Patoka Lake State Park reels in nature lovers of all kinds from across Indiana and beyond. Last Saturday, they came together at the sprawling grounds to escape, grow and surround themselves with life.
Story by Allen Laman | Photos by Marlena Sloss
On the beach. Inside the park. Away from stress. Surrounded by peace. That’s where he became one with the earth.
Gary Carver looked out across the packed beach, digging his hands and feet into the grainy sand, literally melding his body to the soil, reflecting on how the waters, on how the forests, on how all of Patoka Lake State Park shaped him into the man he is today.
“When we came out here, it was always spiritual,” he remembered of early life trips to the regional magnet in the 1980s. “You got to be beyond your surroundings. And then living in the city, you can’t see stuff like this at all. We’re surrounded by concrete and cars.”
Saturday, June 13, he did something he’s done many times, something that many fathers and mothers do. He shared a slice of the sprawling, 26,000 acres of land and water with his three children.
“This is like a mental, physical, visual and spiritual awakening,” Gary said while his 6-year-old son, Skyler, buried his tiny body in the shore just a few feet away.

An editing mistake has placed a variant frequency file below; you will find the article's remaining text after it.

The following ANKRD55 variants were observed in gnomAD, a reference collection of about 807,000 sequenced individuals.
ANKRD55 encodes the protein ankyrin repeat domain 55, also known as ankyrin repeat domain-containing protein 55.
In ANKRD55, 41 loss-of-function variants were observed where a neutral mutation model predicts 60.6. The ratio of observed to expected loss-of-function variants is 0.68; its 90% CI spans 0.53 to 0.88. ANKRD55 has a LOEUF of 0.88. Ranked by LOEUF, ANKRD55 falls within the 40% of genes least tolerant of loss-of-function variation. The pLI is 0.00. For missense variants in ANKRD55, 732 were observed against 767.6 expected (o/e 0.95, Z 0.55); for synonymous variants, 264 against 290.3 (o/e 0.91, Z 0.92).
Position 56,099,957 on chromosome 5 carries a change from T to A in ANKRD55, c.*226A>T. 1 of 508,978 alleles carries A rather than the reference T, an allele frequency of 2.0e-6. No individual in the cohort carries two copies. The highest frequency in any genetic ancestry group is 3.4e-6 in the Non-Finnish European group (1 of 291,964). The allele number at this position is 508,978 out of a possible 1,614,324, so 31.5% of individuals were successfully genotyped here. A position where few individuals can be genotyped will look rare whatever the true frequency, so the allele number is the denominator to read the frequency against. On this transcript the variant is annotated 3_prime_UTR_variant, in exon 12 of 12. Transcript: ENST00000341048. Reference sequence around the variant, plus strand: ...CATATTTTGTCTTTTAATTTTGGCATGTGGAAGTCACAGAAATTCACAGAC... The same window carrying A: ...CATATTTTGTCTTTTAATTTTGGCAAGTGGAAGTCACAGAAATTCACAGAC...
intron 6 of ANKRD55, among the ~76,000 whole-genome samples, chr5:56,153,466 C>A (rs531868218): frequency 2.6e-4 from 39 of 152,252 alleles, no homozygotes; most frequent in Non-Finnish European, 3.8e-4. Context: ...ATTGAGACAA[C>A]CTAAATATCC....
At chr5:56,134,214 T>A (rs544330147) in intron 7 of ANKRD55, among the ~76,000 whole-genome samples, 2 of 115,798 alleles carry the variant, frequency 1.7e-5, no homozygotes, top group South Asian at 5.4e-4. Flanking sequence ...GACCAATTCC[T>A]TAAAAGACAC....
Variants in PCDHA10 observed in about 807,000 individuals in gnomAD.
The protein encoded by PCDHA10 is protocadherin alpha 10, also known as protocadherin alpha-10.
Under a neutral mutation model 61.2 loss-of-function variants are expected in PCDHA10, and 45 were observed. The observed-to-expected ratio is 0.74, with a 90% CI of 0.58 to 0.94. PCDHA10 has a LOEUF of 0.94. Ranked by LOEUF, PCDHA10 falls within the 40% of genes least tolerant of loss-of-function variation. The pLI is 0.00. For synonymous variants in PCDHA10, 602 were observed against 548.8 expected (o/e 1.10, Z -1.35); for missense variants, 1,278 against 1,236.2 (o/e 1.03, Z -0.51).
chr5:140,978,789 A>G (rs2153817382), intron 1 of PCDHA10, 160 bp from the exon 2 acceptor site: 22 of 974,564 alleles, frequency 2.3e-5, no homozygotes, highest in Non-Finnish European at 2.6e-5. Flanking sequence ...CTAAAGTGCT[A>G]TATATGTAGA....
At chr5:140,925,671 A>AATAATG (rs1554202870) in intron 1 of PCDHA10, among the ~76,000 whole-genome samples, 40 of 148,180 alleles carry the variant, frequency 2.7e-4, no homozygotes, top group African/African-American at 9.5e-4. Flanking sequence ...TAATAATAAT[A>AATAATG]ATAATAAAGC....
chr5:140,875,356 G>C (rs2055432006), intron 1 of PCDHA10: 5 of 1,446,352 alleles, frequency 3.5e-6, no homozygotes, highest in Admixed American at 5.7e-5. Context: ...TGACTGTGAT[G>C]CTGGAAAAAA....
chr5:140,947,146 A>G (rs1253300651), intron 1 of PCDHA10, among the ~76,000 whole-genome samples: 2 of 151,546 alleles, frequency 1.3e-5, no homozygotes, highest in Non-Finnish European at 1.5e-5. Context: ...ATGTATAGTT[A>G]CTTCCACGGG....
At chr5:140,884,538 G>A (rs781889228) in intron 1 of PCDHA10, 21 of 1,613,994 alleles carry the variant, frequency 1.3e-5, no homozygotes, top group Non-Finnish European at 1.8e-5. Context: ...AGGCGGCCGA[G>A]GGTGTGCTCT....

“You get one with nature,” Gary added. “Playing in the sand; you can’t play in the sand in the streets. There’s just gravel, asphalt, pollution. There’s none of that out here.”
Elijah Northern, 6, of Greenville, flies through the air after his father, Billy, tossed him at the beach. Billy loves the quality family time they get at the lake.
The state park has a widespread pull on beachgoers, kayakers, hikers, campers, bikers, boaters, fishermen, and nature lovers of all ages, backgrounds and financial statuses. From sunup to sundown, guests spoke of the magic that permeates from the massive Southwestern Indiana destination.
The escapism it provides with all-encompassing natural beauty. The new traditions that are made there, that become old traditions when they are passed on to new generations. The community that everyone joins when they set foot on the grass, in the sand or on the trails.
Patoka’s 8,800-acre lake opened across Dubois, Crawford and Orange counties in 1980 primarily to provide flood control, and secondarily, to act as a water supply. But on Saturday, recreation reigned.